January 23, 2007 | By Derek Slater

The Right Way to Respond to Parody

Last weekend, Darren Barefoot posted Get a First Life, a hysterical parody of virtual world Second Life's website. The creators of Second Life responded with a letter that is so right-thinking and clever that it would horrify the over-reaching copyright and trademark holders whose missives litter the archives of ChillingEffects.org

Instead of a cease-and-desist letter, Linden Labs sent a proceed-and-permit letter.

This letter is exactly what we would hope companies might do when faced with a parody. Not only does it acknowledge that the site is a fair use, it also provides an explicit license for trademark. Kudos to Linden Labs, and shame on the rights holders who claim that they have to go after anyone who makes any use of their copyrights or trademarks.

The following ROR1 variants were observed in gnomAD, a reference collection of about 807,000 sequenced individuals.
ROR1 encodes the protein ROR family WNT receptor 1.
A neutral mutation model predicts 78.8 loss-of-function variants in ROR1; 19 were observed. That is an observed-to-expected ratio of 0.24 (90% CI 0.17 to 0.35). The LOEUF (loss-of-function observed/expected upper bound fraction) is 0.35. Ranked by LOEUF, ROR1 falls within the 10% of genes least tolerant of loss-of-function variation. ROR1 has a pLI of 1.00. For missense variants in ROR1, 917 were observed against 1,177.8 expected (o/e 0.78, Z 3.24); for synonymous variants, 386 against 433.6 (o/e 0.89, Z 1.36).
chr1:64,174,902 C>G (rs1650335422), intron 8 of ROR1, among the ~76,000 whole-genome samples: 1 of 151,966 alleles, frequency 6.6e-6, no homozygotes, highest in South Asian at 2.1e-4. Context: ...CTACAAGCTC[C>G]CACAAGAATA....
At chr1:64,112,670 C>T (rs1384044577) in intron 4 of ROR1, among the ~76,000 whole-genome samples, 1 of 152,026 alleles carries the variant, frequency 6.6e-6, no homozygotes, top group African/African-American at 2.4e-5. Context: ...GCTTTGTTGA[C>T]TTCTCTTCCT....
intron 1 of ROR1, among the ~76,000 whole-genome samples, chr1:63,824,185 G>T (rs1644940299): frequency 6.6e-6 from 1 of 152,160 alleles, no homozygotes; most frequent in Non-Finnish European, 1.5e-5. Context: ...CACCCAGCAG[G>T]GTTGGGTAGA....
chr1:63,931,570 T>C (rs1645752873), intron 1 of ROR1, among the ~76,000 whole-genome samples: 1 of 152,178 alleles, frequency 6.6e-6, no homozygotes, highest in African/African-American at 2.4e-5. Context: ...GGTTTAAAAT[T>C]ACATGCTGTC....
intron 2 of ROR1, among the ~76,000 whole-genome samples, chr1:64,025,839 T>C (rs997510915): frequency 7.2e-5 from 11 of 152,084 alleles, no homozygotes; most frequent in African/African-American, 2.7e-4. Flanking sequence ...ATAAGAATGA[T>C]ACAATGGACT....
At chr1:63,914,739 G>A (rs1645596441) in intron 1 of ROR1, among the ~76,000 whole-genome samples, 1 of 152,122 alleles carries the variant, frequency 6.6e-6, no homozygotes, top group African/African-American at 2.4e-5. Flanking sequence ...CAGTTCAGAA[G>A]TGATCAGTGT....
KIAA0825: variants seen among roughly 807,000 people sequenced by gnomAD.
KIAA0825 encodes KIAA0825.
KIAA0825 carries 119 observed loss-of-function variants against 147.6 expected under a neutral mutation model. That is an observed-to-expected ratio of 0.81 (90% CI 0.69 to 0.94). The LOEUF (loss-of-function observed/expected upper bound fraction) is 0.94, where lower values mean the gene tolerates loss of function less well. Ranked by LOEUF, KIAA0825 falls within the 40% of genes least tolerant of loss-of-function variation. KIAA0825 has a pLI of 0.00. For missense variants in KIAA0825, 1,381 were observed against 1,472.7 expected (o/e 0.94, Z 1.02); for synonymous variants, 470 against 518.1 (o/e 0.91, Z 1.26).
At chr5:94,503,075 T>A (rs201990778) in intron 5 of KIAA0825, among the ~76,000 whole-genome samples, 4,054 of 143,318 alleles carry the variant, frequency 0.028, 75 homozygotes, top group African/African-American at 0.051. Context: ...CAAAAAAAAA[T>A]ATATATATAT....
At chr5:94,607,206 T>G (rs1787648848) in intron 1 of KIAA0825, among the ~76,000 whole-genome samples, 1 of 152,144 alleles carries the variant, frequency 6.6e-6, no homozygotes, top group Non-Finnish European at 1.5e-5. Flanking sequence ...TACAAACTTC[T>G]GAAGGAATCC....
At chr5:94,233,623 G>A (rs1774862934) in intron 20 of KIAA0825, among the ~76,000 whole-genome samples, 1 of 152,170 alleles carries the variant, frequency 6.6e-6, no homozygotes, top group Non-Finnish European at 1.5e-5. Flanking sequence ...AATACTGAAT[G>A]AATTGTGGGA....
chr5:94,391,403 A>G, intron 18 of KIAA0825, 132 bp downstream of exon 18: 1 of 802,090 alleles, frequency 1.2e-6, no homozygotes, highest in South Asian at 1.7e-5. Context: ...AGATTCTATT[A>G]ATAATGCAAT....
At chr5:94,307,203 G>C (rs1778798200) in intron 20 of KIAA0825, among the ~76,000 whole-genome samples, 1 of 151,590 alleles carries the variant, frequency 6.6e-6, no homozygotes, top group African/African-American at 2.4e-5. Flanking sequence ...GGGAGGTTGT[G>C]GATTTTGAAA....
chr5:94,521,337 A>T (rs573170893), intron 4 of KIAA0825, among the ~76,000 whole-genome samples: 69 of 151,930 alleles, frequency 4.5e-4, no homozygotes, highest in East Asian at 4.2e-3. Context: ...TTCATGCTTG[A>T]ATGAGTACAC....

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Putting private companies in charge of the rules for online speech can lead to censorship. https://edri.org/copyfail-3/ #CopyrightWeek

Jan 20 @ 4:11pm

Copyright has a serious free speech problem. Curbing takedown abuse could help fix that. https://www.techdirt.com/arti... #CopyrightWeek

Jan 20 @ 3:33pm

EULAs that purport to waive users' fair use rights hurt libraries as well as consumers. http://www.districtdispatch.o... #CopyrightWeek

Jan 20 @ 2:59pm
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